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FIVE QUESTIONS

The porn effect on young men

By Jessica P. Ogilvie, Special to the Los Angeles Times

June 2, 2012

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In HBO's new show "Girls," creator Lena Dunham conjures up an image of young men so inundated with online porn that they almost unwittingly try to reenact it in their own boudoir escapades.

The show is fictional, but Stanford University psychologist Philip Zimbardo believes there's a lot of reality to it. In a new e-book, "The Demise of Guys: Why Boys Struggle and What We Can Do About It," written with Nikita Duncan, Zimbardo theorizes that all those hours spent in front of a screen — not just watching porn but playing video games too — is leaving men in the dust socially, unable to relate to women and unable to function in society.

We talked to Zimbardo and Duncan about their research, discoveries and ideas for solutions.

What did you find in your research?

Zimbardo: We found that guys are failing in school and with women, and becoming socially isolated. This was based on extensive research, a survey and observations made by parents we know, kids we've talked to, grandparents, even women saying, "I can't find a guy to have a conversation with." We also found that there are growing numbers of boys who are fatherless, which is hugely detrimental for boys.

Duncan: They are looking for something to guide them to show them the way to be a man. Meanwhile, video games show them that they can be the master of the universe. They feel good when they play video games, and there's no risk of social rejection.

You talk about instant gratification in the book, and how porn's delivery of it shapes young men.

Zimbardo: Since there are no limits on porn, kids can be watching. So you have a 12-year-old who has no sexual experience at all, and that's what his view of romance becomes. It doesn't include talking or negotiation, it has no boundaries, not even foreplay — it's a totally alien view of what ordinary sexual relationships are and can be.

Much of the book is focused on fatherlessness and men's relationship with women. Are gay men faring better? What about boys who grow up in lesbian households?

Duncan: This is something that we need research on, and we don't have it. We don't know. Does a kid need two perspectives where they can agree on things and also provide a slightly altered view? We're not sure.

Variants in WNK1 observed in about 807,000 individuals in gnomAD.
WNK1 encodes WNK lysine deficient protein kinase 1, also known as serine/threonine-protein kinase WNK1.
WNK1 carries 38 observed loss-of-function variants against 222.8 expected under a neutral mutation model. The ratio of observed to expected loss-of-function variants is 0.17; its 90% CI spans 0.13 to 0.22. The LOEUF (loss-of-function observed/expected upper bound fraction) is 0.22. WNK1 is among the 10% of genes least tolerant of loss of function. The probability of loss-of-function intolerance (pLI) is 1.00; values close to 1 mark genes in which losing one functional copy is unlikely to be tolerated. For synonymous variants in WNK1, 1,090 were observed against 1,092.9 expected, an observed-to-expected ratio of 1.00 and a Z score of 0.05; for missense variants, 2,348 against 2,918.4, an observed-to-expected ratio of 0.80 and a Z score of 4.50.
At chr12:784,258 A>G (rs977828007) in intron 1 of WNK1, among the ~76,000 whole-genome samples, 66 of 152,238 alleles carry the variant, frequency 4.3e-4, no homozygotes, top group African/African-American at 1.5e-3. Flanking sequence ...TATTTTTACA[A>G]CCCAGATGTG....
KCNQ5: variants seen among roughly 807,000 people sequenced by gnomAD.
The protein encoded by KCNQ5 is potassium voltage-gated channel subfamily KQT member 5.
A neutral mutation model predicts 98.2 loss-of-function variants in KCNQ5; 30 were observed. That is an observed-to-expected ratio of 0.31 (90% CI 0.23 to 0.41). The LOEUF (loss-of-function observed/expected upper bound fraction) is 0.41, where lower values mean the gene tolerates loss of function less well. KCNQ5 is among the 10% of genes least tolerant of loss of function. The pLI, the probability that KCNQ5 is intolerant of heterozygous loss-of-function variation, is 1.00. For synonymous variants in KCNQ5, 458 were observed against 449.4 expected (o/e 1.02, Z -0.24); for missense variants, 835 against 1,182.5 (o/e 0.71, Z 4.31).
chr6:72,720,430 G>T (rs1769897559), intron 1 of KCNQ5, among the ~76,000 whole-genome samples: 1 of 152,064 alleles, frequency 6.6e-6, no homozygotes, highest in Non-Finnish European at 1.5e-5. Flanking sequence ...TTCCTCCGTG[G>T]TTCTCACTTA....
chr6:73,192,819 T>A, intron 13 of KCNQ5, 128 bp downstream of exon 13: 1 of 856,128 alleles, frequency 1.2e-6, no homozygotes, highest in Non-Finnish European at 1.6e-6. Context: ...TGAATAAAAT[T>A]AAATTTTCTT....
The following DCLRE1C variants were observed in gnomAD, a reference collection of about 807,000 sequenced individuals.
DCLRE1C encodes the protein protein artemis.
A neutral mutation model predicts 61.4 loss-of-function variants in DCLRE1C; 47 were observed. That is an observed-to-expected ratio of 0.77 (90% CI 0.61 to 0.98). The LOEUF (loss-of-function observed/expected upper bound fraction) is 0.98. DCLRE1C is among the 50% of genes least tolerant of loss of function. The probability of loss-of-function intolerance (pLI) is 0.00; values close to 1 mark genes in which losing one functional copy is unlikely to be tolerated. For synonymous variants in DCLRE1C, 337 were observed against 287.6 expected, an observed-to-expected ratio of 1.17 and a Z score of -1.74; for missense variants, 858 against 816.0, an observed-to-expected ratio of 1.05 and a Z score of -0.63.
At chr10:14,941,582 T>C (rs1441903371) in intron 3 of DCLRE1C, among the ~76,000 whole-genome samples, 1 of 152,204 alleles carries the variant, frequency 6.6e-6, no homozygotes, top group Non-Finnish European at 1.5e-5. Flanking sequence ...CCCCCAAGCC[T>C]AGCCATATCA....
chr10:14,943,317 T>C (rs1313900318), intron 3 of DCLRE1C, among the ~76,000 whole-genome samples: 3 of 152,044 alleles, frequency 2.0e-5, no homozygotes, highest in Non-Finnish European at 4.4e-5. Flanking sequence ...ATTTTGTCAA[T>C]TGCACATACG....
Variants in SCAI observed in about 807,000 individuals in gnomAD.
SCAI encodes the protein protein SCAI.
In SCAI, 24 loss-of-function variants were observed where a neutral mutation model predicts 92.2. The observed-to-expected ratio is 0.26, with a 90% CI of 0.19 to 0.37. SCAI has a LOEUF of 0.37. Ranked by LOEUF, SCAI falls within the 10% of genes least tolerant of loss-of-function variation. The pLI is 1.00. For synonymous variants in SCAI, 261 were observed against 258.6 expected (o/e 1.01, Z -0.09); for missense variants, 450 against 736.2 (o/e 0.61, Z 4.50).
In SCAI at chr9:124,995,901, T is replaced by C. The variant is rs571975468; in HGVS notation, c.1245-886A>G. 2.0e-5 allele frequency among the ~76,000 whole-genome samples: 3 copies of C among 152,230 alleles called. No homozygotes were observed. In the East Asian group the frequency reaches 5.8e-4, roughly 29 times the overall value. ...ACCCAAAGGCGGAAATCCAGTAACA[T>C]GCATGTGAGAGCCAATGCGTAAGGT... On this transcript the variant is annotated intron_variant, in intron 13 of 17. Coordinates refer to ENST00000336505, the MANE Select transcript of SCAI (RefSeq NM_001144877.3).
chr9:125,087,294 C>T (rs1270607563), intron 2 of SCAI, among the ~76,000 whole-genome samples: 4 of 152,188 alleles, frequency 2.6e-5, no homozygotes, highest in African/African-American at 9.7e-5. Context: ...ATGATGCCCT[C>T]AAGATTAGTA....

Interestingly, you don't suggest the end of video games or the end of porn. Rather, you suggest that people who make and use those technologies tweak them.

Duncan: There is so much potential for good in video games. Even with porn, it has forced people to start talking about sex, forced parents to recognize their kids as sexual beings, to start talking about it.

Zimbardo: They could redo porn. You could have porn where sexuality is romantic. My thought is developing video games that require a pilot and a copilot sitting side by side, so they have to interact socially as well as technologically.

Do you think it's possible for these changes to be made?

Zimbardo: Solutions are a tall order, although we do have some solutions. Partly we are here to alarm, to say, "Here is a systemic problem; it's not a phase that boys are going through." Fatherlessness is only going to increase, and we have to be aware that our entire culture is now living much of its life on the Internet.

If boys continue to drop out of school at the rate they are, it affects national productivity, national success. Plus, it's creating a new generation of men who are not suitable mates. The lack of general sociability could cause the quality of life in our whole culture to deteriorate. People would rather be in their rooms with their Internet or talking on a cellphone. It's already happening. It may be too late.

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